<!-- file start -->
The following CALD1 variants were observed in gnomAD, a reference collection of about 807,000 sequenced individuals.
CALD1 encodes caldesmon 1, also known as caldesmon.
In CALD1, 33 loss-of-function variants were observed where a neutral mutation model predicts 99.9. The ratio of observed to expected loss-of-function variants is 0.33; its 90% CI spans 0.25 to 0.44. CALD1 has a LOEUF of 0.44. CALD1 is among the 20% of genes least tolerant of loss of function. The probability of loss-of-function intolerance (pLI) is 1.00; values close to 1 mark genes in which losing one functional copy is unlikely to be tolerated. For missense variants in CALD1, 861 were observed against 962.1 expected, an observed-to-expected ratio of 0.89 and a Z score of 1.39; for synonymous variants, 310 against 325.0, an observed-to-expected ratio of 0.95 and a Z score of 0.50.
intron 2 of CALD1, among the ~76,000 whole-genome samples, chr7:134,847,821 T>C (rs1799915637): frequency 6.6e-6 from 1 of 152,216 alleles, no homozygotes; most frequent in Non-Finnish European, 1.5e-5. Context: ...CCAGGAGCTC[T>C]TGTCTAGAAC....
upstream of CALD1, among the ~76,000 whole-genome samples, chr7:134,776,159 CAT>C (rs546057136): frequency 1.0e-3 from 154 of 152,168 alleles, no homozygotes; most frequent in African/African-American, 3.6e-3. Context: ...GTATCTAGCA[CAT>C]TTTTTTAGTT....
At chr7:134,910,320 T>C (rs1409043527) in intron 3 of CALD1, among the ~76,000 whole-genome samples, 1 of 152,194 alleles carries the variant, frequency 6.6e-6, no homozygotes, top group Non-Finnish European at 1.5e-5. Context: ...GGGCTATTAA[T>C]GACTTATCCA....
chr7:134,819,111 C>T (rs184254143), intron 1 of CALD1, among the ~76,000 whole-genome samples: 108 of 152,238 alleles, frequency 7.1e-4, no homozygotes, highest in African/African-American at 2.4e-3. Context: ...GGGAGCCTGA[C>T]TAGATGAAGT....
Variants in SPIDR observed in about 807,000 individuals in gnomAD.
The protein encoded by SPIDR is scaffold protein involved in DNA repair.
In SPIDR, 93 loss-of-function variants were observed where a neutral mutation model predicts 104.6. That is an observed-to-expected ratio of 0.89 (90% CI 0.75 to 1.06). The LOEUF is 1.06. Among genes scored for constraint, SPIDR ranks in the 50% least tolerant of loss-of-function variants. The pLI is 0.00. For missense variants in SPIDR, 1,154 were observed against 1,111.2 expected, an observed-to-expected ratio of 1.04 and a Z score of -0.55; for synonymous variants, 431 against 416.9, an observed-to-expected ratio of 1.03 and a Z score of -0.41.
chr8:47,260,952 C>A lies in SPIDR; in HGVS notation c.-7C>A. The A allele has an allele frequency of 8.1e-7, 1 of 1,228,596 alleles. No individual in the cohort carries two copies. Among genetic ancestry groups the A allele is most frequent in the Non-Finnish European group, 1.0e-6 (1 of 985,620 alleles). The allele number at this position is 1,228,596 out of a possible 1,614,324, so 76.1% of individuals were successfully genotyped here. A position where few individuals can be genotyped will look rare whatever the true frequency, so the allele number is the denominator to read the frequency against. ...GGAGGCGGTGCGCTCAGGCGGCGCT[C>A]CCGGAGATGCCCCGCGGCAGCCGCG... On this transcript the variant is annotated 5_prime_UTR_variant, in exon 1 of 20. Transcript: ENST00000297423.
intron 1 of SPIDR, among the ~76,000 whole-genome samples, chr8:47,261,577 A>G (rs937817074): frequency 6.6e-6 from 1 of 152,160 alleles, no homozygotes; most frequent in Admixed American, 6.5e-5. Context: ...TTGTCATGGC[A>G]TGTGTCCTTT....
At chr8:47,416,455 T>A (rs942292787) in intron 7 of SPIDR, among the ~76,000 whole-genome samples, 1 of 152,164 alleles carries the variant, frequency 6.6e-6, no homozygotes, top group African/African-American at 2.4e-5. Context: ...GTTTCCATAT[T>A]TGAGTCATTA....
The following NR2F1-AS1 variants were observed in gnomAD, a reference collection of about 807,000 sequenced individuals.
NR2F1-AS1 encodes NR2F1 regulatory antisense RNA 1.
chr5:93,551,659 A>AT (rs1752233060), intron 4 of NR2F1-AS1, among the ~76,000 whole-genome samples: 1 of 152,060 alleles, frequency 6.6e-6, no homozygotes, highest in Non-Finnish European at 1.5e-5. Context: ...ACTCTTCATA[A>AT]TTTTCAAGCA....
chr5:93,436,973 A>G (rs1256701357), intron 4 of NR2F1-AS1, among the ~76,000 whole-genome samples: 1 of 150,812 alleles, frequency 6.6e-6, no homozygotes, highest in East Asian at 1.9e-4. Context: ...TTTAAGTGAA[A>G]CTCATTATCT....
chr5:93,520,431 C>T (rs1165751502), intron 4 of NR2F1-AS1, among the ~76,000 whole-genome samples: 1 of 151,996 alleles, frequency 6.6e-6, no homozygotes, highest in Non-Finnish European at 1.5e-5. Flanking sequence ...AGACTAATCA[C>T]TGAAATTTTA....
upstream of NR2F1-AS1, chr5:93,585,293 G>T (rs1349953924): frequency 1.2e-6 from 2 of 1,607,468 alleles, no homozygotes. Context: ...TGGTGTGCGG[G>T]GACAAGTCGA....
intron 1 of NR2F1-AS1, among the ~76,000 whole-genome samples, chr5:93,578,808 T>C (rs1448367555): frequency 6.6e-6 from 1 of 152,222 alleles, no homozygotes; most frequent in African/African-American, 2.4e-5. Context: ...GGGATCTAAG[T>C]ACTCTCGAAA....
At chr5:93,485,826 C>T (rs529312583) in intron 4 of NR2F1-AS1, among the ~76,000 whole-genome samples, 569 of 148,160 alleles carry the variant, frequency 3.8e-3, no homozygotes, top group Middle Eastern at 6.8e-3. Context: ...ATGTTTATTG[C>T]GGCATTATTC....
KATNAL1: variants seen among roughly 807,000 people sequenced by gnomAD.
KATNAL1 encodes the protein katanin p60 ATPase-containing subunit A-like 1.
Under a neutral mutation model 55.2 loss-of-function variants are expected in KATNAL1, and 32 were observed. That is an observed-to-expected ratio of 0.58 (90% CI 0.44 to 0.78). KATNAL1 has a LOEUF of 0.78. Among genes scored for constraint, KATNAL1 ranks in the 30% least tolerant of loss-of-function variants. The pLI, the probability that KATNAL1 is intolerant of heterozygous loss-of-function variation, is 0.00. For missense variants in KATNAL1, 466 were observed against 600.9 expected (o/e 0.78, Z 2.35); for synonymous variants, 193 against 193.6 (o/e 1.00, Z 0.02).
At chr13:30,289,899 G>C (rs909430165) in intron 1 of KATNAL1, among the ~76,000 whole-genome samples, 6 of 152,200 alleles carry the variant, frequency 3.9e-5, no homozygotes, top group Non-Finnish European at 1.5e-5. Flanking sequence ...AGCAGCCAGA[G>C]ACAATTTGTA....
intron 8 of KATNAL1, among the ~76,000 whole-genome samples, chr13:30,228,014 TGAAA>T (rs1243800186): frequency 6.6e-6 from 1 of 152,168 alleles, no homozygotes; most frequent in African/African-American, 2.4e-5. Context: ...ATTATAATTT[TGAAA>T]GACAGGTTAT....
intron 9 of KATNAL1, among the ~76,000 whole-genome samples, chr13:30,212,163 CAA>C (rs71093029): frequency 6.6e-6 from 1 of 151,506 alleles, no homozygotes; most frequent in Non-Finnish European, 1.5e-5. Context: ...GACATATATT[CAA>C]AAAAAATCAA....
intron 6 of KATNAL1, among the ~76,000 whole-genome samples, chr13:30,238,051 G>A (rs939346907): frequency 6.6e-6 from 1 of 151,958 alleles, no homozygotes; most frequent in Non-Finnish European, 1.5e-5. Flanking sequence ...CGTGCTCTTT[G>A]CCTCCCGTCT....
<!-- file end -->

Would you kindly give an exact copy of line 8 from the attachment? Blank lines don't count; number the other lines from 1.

Variants in SPIDR observed in about 807,000 individuals in gnomAD.